When entrepreneur Benjamin Joffe described Internet in China as a well-protected ecosystem with unique digital species he put the finger on something important: Internet in China is different. The country is challenging our ideas about what Internet is, and as its influence grows this will get global implications.
Nowadays, it more or less seems to be common knowledge that the Chinese Internet is censored, and that many of even the most globally essential sites are nowhere to be found in China. At the same time, many underestimate the sophistication of the country’s IT industry. So what is the most important things to know about Internet behind the Great Firewall?
The Sheer Size of It
There are more than 650 million Internet users in China today, and the number is growing fast. This makes China the country with the largest number of users in the world. Nonetheless, this still only includes 50% of the total Chinese population - about the same percentage that is residing in cities.
The rapid growth in the number of Internet users are the result of targeted strategies from the Chinese government. The latest Five-Year-Plan prioritizes digitisation across the economy and the growth of the online sector. The government has also launched the Broadband China strategy, in which it is aiming for nationwide broadband connectivity by 2020. This means that the growth of Internet users is not set to stop any time soon.
China is leapfrogging into the mobile Internet sector. Today, the majority of new Internet users are connecting on mobile devices. This was not always the case. The launch of 3G-technology was delayed in China due to authority’s decision to promote a domestic standard. Perhaps to compensate for the delays, mobile operators are rapidly expanding their 4G networks. One year on from the launch of the first 4G services, there was already more than 200 million 4G users. The development of cheap smartphones is also helping, with companies as Xiaomi constantly cutting prices and releasing more powerful devices. This means that a smartphone is affordable for most Chinese today - not to mention these devices are selling far beyond China's shores.
Under an Watchful Eye
It might seem surprising that an authoritarian regime is promoting the Internet so vigorously, but the Chinese government is the strongest supporter of the industry’s development. The government sees Internet as a channel for growth and is confident that they can remain in control.
In official documents, the government’s clearly stated goal is to bring the Internet under the jurisdiction of the state. The government makes no secret of the active censorship of online content. Internet services that does not accept the authority of the Chinese regulators face consistent problems, and even Google has not been immune to the pressure. Other foreign services like Facebook and Twitter are also off-limits. It should then come as no surprise that many of the leading Internet companies in China have very close relationship with people high up in the government.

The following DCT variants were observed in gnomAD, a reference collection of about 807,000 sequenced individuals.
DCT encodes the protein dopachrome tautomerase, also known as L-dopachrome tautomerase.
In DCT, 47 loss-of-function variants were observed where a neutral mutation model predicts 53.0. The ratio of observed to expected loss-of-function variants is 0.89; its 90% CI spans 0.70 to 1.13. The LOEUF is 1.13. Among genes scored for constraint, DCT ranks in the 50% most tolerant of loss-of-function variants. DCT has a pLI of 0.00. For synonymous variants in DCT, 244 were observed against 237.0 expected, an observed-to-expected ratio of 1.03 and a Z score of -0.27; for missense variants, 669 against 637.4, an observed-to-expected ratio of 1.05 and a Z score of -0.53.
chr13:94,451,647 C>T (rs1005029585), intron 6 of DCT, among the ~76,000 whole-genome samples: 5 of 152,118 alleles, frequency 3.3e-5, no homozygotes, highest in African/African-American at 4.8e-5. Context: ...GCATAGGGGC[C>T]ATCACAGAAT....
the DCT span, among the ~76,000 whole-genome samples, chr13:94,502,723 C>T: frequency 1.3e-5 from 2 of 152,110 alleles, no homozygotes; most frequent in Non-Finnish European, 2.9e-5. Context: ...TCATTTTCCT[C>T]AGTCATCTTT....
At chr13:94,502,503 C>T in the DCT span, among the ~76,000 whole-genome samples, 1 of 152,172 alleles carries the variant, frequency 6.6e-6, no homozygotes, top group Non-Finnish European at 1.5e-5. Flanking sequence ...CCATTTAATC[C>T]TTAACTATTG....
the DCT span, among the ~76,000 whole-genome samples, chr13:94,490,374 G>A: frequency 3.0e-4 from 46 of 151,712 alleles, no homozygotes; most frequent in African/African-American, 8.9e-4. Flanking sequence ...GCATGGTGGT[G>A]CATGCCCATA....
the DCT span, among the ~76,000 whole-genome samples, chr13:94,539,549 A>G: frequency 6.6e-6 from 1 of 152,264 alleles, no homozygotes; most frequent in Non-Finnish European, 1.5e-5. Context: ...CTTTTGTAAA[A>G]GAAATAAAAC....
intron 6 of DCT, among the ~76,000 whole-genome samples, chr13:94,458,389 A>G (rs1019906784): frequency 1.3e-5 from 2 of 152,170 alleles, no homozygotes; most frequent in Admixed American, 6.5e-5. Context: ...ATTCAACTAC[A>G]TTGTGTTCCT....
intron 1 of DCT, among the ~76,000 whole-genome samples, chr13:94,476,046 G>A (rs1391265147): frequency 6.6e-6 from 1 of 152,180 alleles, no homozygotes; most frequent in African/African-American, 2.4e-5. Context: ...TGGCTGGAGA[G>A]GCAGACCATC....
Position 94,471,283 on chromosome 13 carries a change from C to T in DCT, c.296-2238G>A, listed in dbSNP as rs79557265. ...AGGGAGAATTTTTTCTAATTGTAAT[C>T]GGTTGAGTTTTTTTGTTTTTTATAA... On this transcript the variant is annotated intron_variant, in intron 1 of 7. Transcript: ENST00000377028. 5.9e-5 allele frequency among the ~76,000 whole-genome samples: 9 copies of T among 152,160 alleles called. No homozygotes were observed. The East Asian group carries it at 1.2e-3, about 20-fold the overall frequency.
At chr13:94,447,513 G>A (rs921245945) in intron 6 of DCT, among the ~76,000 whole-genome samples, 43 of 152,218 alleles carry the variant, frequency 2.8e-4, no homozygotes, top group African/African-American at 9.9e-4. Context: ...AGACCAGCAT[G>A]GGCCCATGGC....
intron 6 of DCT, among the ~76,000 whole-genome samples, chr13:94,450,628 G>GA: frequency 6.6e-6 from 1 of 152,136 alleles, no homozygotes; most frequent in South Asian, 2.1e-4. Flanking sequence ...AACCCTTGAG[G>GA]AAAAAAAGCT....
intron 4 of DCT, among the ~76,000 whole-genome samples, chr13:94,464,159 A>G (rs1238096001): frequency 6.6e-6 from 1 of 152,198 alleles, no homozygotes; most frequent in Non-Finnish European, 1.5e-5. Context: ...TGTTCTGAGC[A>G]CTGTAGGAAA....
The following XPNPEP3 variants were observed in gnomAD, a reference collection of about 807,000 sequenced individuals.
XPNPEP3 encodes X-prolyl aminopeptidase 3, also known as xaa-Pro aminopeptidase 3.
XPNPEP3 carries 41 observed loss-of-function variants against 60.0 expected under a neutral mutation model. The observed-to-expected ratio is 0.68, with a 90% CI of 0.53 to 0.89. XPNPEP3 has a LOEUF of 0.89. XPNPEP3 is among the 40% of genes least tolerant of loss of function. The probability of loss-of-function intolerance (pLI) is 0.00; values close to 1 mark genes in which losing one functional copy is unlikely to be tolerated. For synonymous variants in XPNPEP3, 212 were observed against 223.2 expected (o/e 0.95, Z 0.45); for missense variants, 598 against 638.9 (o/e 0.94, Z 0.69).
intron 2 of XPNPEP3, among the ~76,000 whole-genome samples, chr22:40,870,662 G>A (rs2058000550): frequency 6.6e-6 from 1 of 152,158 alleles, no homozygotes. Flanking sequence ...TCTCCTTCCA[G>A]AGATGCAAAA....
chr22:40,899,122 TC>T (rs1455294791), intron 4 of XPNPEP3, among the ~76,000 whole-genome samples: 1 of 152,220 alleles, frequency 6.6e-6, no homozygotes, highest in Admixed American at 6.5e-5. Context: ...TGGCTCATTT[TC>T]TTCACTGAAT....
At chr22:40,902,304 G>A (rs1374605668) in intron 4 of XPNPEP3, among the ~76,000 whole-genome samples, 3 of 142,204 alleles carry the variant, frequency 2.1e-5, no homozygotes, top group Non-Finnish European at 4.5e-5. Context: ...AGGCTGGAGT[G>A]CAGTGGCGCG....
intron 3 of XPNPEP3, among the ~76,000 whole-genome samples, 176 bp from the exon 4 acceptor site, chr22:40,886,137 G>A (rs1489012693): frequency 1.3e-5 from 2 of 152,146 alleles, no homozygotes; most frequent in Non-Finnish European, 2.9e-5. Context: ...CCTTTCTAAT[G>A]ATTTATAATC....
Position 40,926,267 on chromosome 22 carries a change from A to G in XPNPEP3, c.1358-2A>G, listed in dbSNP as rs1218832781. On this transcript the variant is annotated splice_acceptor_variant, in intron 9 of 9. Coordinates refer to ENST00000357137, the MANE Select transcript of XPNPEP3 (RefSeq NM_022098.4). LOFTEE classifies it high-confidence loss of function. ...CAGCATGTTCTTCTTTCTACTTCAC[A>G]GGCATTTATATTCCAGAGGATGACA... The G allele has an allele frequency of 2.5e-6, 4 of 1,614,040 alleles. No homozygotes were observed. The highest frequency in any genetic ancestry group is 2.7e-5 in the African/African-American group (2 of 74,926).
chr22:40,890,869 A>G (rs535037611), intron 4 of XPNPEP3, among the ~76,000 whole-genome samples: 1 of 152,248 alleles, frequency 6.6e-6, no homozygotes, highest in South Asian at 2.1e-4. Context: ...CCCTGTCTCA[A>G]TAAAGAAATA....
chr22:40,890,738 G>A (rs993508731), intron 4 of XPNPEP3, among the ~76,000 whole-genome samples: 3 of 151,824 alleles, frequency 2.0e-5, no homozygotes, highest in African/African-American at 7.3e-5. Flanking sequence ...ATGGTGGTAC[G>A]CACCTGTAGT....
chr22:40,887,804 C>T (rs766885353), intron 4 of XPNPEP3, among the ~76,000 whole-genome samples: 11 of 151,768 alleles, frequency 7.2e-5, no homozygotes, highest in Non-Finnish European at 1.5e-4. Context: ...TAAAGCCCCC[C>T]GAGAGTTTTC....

Due to the extensive censorship of Internet in China, the industry has been protected from much of the competition on the international arena. This has given the Chinese Internet ecosystem some unique characteristics.
The first: with essential Western social media services blocked in China, copycats are effectively filling the gaps of a blocked foreign companies. However this unique ecosystem is also fostering truly innovative companies.
In fields such as eCommerce and messaging, the industry is showing impressive novelty and could in some aspects be seen as a global leader. Wechat has been an inspiration for the development of Facebook for mobile platforms. The fierce competition in the eCommerce sector is speeding up delivery and leading to ever more competitive prices. As the industry matures we can expect to see even more innovation coming out of the Chinese Internet industry.
The startup movement has already reached the country with full force and innovative firms are popping up at an unprecedented rate. The Chinese government is also pulling their weight to support the industry, notes Silicon Valley veteran Steve Blank. In January this year, Chinese Premier Li Keqiang presented his plan to support start-ups and what he calls “entrepreneurship in the Internet age”. This will include more support for small innovative companies as well as reforms to make it easier to run a business, which makes it an exciting time to be in the Chinese Internet industry.
So what can we expect from online Chine looking forward? China is trying to establish its own model of administrating the Internet. A model that brings Internet under the jurisdiction of the government but at the same time is open for innovation and development. Whether this will be successful or not is impossible to say. What we do know however is that this this challenging view of what Internet should be will get global implications.